Mo­ran’s got a lot on his plate

Celeb chef Matt Mo­ran con­cedes the hero of his new­est TV se­ries might not be the food. By Deb­bie Schipp

Sunday Tasmanian - Tassie Living - - FRONT PAGE -

MATT Mo­ran is a man with a lot on his plate. He’s spent 25 years carv­ing out a culi­nary em­pire which has ex­tended to eight restau­rants, more than 600 staff and es­tab­lish him as a celebrity chef, com­plete with the cook­books and cor­po­rate deals.

So it’s ironic that his lat­est cre­ation – se­ries two of tele­vi­sion se­ries Pad­dock to Plate – sees his food al­most take a back seat to the Aus­tralian land­scape.

But for Mo­ran, it’s a tri­umph which saw him and the Pad­dock to Plate team cross more than 20,000km across South Aus­tralia and Western Aus­tralia to find the area’s best pro­duce and the sto­ries be­hind them.

“We did ar­eas in­clud­ing the River­land in SA, the Barossa, Eyre Penin­sula, WA’s south­ern forests, the Mar­garet River, up to Perth and the Gas­coyne then all the way to Derby,” Mo­ran says. “The cin­e­matog­ra­phy in this show is un­be­liev­able. It’s just so beau­ti­ful.”

Mo­ran laughs rue­fully. “In many ways I think the vi­sion is bet­ter than the cook­ing.”

Along the way Mo­ran gets to in­dulge in what is al­most a ‘ boys own’ ad­ven­ture, us­ing scuba div­ing skills learnt for sea­son one to swim with a mil­lion dol­lars’ worth of bluefin tuna of South Aus­tralia. He dives for pearls off Broome. He fishes for bar­ra­mundi at Cone Bay and for pink snap­per at Carnar­von. He prods out gi­ant mud crabs ac­com­pa­nied by a bare­footed lo­cal armed only with a stick, and musters a one mil­lion acre farm in a he­li­copter.

He courts con­tro­versy in episode two, go­ing duck shoot­ing in scenes he al­ready knows will elicit a viewer kick- back. Of the seg­ment, Mo­ran is un­ruf­fled, and un­apolo­get­i­cally re­al­is­tic.

“The fact is the peo­ple I joined eat ev­ery­thing they shoot. It is their pro­tein,” he says.

“Hunt­ing this way is sus­tain­able, the fam­ily has done it this way for gen­er­a­tions. They take only what they eat. They have had this farm in the fam­ily for 150 years. They have always shot ducks as part of their diet.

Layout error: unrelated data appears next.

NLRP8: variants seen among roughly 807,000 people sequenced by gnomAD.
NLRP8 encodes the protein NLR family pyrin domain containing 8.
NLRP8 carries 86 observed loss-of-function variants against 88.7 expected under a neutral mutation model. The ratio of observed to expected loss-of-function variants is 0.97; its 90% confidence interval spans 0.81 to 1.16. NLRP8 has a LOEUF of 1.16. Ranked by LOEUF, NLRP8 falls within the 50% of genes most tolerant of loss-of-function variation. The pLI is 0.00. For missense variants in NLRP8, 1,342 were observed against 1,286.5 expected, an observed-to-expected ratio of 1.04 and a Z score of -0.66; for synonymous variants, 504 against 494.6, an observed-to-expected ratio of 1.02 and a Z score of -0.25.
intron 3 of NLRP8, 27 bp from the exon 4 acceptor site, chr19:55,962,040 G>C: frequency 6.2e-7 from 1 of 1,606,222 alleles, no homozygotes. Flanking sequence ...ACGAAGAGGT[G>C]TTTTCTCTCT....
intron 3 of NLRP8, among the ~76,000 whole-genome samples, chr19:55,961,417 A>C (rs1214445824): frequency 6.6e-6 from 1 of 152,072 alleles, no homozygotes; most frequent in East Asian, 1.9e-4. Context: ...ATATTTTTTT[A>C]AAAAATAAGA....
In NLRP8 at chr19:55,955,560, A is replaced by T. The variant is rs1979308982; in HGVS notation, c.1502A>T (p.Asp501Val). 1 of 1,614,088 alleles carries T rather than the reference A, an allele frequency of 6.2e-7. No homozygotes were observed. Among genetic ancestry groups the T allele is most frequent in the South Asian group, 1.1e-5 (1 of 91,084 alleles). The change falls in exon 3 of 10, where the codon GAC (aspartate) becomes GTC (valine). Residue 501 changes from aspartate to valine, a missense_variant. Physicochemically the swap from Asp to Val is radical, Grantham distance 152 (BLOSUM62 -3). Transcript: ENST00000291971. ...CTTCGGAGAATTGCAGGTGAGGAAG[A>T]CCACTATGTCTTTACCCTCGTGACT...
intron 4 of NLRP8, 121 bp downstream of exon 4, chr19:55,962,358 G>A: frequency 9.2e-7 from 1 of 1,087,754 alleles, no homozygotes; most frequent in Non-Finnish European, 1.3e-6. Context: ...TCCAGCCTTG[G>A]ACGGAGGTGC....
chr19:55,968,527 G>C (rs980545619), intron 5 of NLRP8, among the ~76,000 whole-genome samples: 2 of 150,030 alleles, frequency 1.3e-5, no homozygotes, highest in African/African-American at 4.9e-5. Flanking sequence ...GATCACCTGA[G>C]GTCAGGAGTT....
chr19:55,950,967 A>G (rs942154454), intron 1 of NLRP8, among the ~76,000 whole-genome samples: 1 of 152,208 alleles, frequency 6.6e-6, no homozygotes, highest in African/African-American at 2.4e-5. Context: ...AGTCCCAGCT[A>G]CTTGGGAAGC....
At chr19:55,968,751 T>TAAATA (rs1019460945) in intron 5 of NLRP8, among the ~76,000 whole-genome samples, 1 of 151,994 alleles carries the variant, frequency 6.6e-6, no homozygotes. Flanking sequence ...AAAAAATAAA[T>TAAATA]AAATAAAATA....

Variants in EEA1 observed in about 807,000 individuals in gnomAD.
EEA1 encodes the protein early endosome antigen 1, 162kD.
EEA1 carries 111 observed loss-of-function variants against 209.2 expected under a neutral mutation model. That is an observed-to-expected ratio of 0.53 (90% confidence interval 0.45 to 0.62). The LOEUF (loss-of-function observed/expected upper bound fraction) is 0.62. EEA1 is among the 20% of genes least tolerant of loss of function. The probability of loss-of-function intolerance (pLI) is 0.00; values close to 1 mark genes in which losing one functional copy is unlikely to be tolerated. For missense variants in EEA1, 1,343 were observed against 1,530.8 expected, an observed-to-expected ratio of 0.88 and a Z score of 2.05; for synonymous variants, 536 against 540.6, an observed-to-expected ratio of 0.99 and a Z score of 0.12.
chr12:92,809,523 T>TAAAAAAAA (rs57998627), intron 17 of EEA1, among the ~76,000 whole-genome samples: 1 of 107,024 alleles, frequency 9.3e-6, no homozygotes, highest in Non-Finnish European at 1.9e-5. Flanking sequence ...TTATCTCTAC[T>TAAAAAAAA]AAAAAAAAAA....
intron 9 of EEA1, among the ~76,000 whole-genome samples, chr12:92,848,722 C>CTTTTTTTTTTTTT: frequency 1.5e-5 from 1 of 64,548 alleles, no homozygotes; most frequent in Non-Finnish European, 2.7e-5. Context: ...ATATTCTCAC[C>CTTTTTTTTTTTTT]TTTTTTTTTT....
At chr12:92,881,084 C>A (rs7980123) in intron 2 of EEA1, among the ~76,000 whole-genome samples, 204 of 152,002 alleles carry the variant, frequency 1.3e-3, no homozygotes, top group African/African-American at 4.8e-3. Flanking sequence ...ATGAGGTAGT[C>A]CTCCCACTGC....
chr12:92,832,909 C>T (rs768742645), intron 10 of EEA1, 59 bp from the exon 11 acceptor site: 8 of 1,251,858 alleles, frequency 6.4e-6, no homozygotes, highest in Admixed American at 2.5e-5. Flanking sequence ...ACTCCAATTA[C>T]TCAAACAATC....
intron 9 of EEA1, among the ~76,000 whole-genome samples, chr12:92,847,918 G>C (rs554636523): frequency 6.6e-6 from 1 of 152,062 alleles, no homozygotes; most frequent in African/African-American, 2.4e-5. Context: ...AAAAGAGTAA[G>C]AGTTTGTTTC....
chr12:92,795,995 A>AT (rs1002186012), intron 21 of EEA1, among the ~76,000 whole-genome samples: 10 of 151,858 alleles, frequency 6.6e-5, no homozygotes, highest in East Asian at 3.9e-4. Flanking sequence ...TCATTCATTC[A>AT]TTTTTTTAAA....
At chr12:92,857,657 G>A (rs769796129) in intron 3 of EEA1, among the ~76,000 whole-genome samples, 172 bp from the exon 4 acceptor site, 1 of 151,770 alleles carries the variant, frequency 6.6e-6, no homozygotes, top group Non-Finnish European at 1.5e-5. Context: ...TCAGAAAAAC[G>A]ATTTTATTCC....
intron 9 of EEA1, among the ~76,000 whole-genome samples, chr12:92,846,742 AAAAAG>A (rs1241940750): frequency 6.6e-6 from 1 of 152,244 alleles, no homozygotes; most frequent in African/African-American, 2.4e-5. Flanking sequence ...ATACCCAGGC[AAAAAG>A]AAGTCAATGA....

“I thought about duck shoot­ing as a sport – but this was dif­fer­ent in what­ever we shot, we ate. To me it was like rais­ing lamb or beef cat­tle. All I can say is that dur­ing the film­ing of this pro­gram there were lots of an­i­mals were, well, not harmed, but eaten in the mak­ing of this show.”

The re­sults of the nine weeks of film­ing are stun­ning, and Mo­ran says while he is “in­sanely proud” of the re­sult – and reck­ons it is even bet­ter than se­ries one, which net­ted an AS­TRA Award for Most Out­stand­ing Life­style Pro­gram, knock­ing off long- time win­ner Sell­ing Houses Aus­tralia – film­ing “took it out of me” this time.

He split blocks of film­ing with his “real job” over­see­ing the eight restau­rant busi­nesses – Aria, Chiswick, North Bondi Fish, Art Gallery, Opera Bar, Opera House and Aria in Syd­ney and River Bar in Bris­bane.

“On a day in Syd­ney that prob­a­bly means of­fice work in the morn­ing, maybe some food tast­ings then lunch for Aria, then do­ing the rounds in to North Bondi, Chiswick, the Opera House ones, Art Gallery and having a nib­ble at each one,” he says.

“Then back to Aria early even­ing to do a bit of ser­vice then on the way home its gen­er­ally Chiswick for an en­tree, North Bondi for main then I go home and have a piece of choco­late.

“I don’t run out of en­ergy. I’ve spent 25 years do­ing some­thing I love.”

PAD­DOCK TO PLATE Wed­nes­day, 8.30pm, Life­style Chan­nel ( pay TV)

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